The Leopard by Jo Nesbo – a book review

Crime thriller from respected Norwegian author Jo Nesbo, about a serial killer who uses a particularly horrendous contraption to murder his victims.

Starring Nesbo’s recurring protagonist, detective Harry Hole, The Leopard story takes place in several locations: Norway, the Conga, and Hong Kong. After Hole is retrieved from his hiding spot in the latter by a feisty detective called Kaja, he returns to a bitter feud between the police forces in Norway, who are fighting for supremacy over control in murder investigations. Hole’s indifference to politics and authority mean that he only cares about one thing, catching the killer.

Working with Kaja, and a small team, Harry soon uncovers a link between these seemingly random murders, which have something to do with a ski cabin. As he tries to piece together the evidence, and locate a suspect, the killer continues to prowl in the shadows.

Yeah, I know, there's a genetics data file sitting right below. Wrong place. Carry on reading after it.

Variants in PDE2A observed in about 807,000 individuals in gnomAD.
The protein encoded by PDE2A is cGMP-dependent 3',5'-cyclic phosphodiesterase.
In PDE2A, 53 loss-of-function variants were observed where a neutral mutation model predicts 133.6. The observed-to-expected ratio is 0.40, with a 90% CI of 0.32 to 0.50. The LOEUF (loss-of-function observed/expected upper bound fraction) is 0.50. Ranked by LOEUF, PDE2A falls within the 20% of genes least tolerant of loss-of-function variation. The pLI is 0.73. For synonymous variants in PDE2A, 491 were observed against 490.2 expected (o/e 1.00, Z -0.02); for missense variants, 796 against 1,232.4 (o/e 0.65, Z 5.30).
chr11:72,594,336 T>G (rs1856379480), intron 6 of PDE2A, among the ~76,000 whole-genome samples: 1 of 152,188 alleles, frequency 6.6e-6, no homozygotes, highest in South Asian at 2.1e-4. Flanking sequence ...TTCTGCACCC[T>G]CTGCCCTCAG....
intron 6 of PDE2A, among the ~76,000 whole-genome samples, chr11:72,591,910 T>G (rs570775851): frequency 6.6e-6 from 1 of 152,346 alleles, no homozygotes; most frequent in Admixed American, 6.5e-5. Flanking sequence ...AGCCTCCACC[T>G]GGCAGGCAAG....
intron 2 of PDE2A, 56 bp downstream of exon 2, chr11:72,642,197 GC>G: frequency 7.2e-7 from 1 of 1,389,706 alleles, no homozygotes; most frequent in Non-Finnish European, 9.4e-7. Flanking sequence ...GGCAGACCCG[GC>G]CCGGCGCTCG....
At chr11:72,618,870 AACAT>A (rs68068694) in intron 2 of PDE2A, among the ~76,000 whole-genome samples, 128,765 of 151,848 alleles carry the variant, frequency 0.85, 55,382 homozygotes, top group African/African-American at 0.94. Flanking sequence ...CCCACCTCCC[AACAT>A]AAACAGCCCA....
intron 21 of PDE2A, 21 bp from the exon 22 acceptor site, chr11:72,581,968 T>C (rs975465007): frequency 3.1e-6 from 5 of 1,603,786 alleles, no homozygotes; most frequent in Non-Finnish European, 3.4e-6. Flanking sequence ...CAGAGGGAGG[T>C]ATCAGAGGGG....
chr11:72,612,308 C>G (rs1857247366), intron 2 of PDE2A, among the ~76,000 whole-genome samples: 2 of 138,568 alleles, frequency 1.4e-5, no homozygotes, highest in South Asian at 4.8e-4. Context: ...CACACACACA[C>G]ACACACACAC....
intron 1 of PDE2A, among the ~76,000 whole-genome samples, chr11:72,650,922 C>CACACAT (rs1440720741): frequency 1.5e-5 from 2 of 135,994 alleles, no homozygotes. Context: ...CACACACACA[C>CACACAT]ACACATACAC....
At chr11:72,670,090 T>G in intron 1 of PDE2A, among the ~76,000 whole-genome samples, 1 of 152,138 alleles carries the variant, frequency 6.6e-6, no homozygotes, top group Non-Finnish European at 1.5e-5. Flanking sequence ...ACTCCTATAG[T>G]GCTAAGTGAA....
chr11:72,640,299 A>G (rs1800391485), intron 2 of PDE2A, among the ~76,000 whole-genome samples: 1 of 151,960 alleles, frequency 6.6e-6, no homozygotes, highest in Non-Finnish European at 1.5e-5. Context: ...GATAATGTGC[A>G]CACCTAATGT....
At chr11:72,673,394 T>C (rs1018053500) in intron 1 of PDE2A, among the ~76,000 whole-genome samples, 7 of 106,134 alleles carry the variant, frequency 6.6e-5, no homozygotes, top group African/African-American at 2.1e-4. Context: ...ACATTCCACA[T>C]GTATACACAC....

Alongside the main story thread, Harry’s father is also lying in hospital, and Harry struggles with his anguish over this, as well as past losses. Also, as an avid alcoholic, Harry’s relationship with the demon drink becomes a worrying factor.

An engaging thriller, Nesbo has formed a story that represents a lot of Scandinavian writing: great on the detail, but cold with the description. Hole is a marvellous lead character, offering the flawed, edgy cop who refuses to play by the rules, but who we ultimately warm to for his awkward heroism.

The sideline characters, such as Kaja and even the killer, are explored with great detail, which is a refreshing experience. We are offered a lot of back story to peak our interest, but there still lies enough mystery to make them interesting.

A little too long, the book spans over 700 pages, which is unnecessary for a crime thriller, but the writing is tense and powerful throughout, offering some horrific scenes and unnerving consequences.